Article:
Handover of Water Tanker Trucks

U.S. Ambassador Thomas F. Daughton at Handover of Water Tanker Trucks NamWater Depot, Windhoek – May 24, 2017

Good morning!

They say that water is life, and no one knows that better than the people of Namibia. Namibia is the driest country south of the Sahara even in normal circumstances, and we all know that Namibia has suffered from severe drought in recent years. So severe, in fact, that despite good rains this year, many areas, including Windhoek, are still in emergency mode and under water restrictions. Many areas did not receive sufficient rain. And many areas still don’t have adequate basic water infrastructure.

And let’s not forget: Weather patterns in sub-Saharan Africa have become increasingly extreme. Droughts seem to have become more severe and prolonged. Floods, when they happen, also have become more severe.
But whether it’s drought or flood, the results are devastating. Animals and crops die; livelihoods are ruined; people go hungry. And whether it’s drought or flood, access to safe drinking water becomes more difficult. All of these effects are particularly severe in rural areas.

Whether the problem is too little water or too much, the most vulnerable members of society — the poor, the elderly, and children — are hit the hardest. And in rural Namibia, women are often hard-hit, as well, because they usually take on the extra burden of traveling farther to collect water and carry it back home to their families.

In my three years in Namibia, I have been watching the effects of the drought with growing concern, and my colleagues and I have looked for ways the American people might help Namibia cope not just with this particular crisis, but with future crises that will imperil access to food and clean water. Using an additional US $2.2 million from PEPFAR this year, we’re working to mitigate the effects of drought on people living with HIV/AIDS and on vulnerable children. This additional money is being used:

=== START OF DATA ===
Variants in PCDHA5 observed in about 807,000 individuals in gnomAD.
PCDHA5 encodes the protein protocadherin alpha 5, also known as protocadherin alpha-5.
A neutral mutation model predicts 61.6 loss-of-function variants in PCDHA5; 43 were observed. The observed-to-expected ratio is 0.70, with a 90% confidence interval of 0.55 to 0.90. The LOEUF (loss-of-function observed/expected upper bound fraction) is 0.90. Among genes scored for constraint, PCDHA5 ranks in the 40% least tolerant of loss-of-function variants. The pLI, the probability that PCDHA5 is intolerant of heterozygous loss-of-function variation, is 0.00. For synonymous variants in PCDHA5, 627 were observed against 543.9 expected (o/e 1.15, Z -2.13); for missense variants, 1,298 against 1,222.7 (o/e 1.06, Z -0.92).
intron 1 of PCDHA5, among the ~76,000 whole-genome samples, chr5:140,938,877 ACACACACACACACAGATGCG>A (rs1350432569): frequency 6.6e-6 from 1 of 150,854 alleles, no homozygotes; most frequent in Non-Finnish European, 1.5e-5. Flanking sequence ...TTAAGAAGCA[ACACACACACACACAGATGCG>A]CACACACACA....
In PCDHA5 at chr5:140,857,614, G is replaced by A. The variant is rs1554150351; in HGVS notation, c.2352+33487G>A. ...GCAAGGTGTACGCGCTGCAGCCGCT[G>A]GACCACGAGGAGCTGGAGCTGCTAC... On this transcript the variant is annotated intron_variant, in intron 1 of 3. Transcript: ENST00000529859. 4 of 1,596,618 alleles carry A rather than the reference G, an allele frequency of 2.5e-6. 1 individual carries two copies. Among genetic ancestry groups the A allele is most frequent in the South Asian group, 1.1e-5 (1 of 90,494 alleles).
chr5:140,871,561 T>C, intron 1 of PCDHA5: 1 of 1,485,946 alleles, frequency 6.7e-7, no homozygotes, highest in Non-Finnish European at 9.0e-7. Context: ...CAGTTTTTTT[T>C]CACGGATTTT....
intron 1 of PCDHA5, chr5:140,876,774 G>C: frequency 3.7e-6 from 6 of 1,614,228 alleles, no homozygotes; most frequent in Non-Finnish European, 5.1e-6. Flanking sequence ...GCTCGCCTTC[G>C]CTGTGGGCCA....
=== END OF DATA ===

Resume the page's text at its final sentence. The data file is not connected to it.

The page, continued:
• To train health care workers in drought- and flood-prone areas to help Namibians get enough to eat, and to teach them how to access and secure clean water for their families;
  • To fund UNICEF to examine the issue of food access for people in drought-stricken areas;
  • To support the Ministry of Gender Equality and Child Welfare as it helps families with vulnerable children get access to social grants; and
  • To provide food to 14,480 people already diagnosed as undernourished.

Helping with food and training is good, but we wanted to do more. Which brings us to why we are here at NamWater. Behind me is the first of eight water trucks that the U.S. government is donating to the Namibian government to help it respond in future water crises. Through USAID, the United States provided US$1.4 million to UNICEF to purchase eight water tankers to help NamWater move clean, safe drinking water to where it is needed most. The trucks can also be used in normal times to help communities that have been cut off from water for whatever reason. It is another way that America is trying to help Namibia succeed.

Just because some areas of this country were fortunate enough to receive good rainfall this year, some people seem to think the water crisis is over. They’re wrong. The rain is a temporary reprieve, not a solution. Growth in Namibia’s population and Namibia’s economy is going to put continuous pressure on the country’s water resources, even in good rain years. More and more Namibians will want access to safe, reliable drinking water. That means water should remain on top of everyone’s agenda for years to come.

On behalf of the United States, it is my honor to partner with the Namibian government in its effort to ensure that the precious resource of water is provided to this country’s most precious resource, the Namibian people.

Thank you.